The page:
While I am a personal fan of the 8-bit era, to a bias extent, I have to say that the remastered version sets out to do what the original DuckTales game tired to do. With “better” graphics, sound, story, and mechanics; remastered makes the original Ducktales feel all the more ancient. Not to say the original didn’t have its own charm to it, but in all honesty this is the defining version of the Ducktales game. Wayforward even added a new beginning and ending level instead of going back to the Transylvania, as well as give the game a gallery filled with artwork and even music from both “versions” of the game. And while Wayforward made the control easier to deal with, with the new “hard pogo” option. The levels still remain very much the same challenging levels as they were in the NES version, sometimes even harder considering the new patterns given to each boss, and the final level that consists with a 3 part final battle. Perhaps, the only real drawback to the new one compared to the old one is the scenes that constantly take place during some of the levels. While it is nice to see the old cast back together and voicing the same characters, it gets quite annoying hearing the same lines said over and over again.
Course when someone tries to fix something, sometimes different problems emerge, and the same is the case for the remastered version of Ducktales. The majority of the problem goes to the boss battles and the hit detection on the pogo stick overall. The Yeti battle comes to mind as one of the worst returning battles because the way the artwork looks compared to avoiding getting hint. While it was easier to tell if a sprite would hit you, the artwork really just doesn’t lend itself to see where you will get hit or not; it took me a while to notice you could walk underneath the Yeti because it really didn’t look like you could comparing the artworks together and the time it took to walk past the Yeti. It’s the only boss battle that I actually had a really hard time judging what to do simply because the way the game looked. The other problem has to do with the final battle. I personally don’t mind the Duckula fight, as it’s fairly easily to memorize the patterns once you get going, but having to do it over and over again just because of the last two sections really pisses me off. In the original, the only thing you had to do was beat Magica da spell and Golum Gold from getting your #1 Dime, but here you have to “escape” in a small section after getting your dime back. The only thing that the escape scene adds is a few stupid and difficult jumps at the end that can cause you to redo everything just because you can easily miss them. I honestly thought I beaten the game once I got the Dime only to find out I had to escape the volcano too. And when I did finally escape, the area was so small that it really felt like it was added as an after effect. Its just so easy to die at the escape scene that having to fight Count Duckula and Magica duo feels like nothing compared to racing against the lava at the end. And the thing that makes it worse is that it really has nothing to do with platforming, but it has everything to do with climbing up chains and then falling toward the next chain, which to begin with is a very hard thing to and hardly seems fair or fun. Really at the end of it all I just really question the volcano escape scene, as it felt unnecessary and cheap after doing all that work in defeating Count Duckula and the Magica Duo only to be undone by some chain hopping gone a rye. Also why the pogo stick sometimes doesn’t exchange blows correctly is beyond me.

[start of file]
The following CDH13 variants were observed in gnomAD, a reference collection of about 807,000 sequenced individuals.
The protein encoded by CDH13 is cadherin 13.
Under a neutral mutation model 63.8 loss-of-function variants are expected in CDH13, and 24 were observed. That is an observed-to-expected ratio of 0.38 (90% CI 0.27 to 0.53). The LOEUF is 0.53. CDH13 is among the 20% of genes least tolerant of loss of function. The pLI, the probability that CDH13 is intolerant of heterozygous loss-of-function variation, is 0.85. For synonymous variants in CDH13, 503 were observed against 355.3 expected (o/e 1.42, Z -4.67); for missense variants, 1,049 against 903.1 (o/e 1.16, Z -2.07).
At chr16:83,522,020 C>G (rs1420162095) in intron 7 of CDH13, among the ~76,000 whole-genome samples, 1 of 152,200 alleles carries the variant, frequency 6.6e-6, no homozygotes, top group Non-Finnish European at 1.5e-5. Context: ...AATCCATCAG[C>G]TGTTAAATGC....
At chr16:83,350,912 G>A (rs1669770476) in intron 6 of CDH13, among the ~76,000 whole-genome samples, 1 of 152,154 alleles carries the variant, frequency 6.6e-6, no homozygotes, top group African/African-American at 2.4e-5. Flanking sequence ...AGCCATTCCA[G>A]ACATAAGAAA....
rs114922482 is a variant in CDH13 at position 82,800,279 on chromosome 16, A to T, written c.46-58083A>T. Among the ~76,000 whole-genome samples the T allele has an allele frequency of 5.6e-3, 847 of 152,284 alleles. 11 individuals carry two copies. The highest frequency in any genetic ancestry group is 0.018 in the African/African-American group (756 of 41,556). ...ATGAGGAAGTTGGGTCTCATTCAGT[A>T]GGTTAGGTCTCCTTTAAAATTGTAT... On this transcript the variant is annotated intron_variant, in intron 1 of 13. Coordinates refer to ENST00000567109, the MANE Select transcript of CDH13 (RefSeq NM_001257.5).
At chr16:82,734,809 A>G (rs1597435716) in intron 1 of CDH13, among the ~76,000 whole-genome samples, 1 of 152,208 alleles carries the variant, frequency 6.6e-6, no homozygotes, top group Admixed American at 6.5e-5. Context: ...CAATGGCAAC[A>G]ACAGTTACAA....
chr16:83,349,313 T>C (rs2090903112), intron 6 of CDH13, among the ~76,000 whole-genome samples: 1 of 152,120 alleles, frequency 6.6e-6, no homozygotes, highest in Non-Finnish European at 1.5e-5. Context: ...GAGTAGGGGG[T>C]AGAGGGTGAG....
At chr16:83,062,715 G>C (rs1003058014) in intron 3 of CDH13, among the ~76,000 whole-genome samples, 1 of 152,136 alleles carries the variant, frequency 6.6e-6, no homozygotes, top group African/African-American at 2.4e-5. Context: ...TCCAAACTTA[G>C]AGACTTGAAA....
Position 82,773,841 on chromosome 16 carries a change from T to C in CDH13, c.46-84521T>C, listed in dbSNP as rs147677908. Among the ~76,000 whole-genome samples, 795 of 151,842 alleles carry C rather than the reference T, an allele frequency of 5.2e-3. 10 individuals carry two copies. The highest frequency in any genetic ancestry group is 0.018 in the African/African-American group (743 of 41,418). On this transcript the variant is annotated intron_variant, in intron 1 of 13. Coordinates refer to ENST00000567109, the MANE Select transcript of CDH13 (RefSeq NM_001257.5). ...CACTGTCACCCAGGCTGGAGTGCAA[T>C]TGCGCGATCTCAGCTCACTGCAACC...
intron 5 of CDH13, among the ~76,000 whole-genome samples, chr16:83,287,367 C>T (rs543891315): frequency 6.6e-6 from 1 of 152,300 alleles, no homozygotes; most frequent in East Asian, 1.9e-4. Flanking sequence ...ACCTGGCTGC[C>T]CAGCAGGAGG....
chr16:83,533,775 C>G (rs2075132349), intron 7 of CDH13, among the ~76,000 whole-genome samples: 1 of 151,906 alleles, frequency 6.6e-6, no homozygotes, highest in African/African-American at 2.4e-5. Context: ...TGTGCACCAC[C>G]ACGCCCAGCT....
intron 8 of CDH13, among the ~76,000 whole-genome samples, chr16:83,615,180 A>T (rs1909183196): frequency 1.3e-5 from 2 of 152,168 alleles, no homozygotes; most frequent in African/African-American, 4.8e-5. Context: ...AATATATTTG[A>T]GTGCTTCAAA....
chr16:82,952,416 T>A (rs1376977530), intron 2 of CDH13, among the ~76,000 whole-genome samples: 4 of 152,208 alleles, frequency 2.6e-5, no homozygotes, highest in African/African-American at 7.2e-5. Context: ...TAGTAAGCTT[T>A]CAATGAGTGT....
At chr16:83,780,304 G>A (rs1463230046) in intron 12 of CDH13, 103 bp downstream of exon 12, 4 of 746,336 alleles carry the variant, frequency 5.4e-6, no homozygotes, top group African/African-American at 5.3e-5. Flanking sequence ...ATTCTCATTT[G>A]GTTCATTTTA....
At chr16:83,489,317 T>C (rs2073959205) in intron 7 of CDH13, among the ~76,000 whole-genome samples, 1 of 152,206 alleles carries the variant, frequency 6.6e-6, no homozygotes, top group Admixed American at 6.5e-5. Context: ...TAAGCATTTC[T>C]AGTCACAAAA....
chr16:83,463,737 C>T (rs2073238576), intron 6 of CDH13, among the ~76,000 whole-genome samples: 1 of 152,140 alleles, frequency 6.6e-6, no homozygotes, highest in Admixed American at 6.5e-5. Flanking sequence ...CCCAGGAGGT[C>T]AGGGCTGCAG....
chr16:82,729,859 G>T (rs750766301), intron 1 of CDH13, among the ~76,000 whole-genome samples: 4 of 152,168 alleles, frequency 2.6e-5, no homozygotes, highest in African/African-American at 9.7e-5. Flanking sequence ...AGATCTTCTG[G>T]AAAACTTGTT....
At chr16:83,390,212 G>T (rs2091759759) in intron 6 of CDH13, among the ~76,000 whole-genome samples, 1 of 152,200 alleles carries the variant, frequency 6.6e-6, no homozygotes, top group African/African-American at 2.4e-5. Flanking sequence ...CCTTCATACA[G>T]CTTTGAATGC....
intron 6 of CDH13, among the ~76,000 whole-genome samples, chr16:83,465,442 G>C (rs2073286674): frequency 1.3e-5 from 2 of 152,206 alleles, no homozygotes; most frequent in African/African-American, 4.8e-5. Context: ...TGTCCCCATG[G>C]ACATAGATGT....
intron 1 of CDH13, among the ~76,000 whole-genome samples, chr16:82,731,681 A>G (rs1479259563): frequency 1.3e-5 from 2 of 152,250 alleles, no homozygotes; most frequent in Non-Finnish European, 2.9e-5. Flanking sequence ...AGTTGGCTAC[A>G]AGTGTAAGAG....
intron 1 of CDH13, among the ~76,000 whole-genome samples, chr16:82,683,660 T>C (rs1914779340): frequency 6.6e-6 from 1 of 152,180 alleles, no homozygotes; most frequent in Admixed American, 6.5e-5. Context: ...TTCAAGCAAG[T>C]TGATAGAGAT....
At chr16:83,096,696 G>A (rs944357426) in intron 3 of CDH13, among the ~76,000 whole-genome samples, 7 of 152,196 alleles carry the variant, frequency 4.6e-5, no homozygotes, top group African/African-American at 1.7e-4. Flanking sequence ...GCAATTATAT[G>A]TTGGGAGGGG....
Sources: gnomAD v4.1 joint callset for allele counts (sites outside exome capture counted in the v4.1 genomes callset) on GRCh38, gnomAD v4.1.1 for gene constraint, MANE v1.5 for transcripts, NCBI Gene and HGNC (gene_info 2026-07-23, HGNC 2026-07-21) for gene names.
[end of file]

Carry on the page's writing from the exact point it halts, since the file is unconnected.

Aside from a somewhat jarring final 3 part battle and hit detection confusion with the artwork; Remastered is what the original DuckTales longed for all these years, and even a little bit more thanks to a few more levels and a gallery of goodies. It’s a excellent blend of cartoon based storytelling, mixed with great gameplay, songs, and graphics. It’s still one of the greatest platformers out there, although you may be a bit more irritated once the dialogue wears out its welcome.